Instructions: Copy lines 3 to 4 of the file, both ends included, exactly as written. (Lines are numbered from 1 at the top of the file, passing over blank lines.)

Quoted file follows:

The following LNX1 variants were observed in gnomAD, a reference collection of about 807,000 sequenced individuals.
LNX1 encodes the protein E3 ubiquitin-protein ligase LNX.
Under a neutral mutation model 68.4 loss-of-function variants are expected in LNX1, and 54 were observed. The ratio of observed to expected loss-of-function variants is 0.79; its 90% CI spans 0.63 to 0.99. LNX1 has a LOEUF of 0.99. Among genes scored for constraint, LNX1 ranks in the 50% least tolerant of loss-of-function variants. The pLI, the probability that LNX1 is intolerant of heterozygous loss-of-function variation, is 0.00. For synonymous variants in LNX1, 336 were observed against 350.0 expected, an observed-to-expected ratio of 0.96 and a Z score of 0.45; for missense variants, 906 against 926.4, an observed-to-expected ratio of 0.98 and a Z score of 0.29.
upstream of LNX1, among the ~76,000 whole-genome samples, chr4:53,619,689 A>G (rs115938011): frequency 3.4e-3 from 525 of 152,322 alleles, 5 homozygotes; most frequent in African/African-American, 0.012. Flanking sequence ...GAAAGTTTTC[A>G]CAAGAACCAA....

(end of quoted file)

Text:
Under a neutral mutation model 68.4 loss-of-function variants are expected in LNX1, and 54 were observed. The ratio of observed to expected loss-of-function variants is 0.79; its 90% CI spans 0.63 to 0.99. LNX1 has a LOEUF of 0.99. Among genes scored for constraint, LNX1 ranks in the 50% least tolerant of loss-of-function variants. The pLI, the probability that LNX1 is intolerant of heterozygous loss-of-function variation, is 0.00. For synonymous variants in LNX1, 336 were observed against 350.0 expected, an observed-to-expected ratio of 0.96 and a Z score of 0.45; for missense variants, 906 against 926.4, an observed-to-expected ratio of 0.98 and a Z score of 0.29.
upstream of LNX1, among the ~76,000 whole-genome samples, chr4:53,619,689 A>G (rs115938011): frequency 3.4e-3 from 525 of 152,322 alleles, 5 homozygotes; most frequent in African/African-American, 0.012. Flanking sequence ...GAAAGTTTTC[A>G]CAAGAACCAA....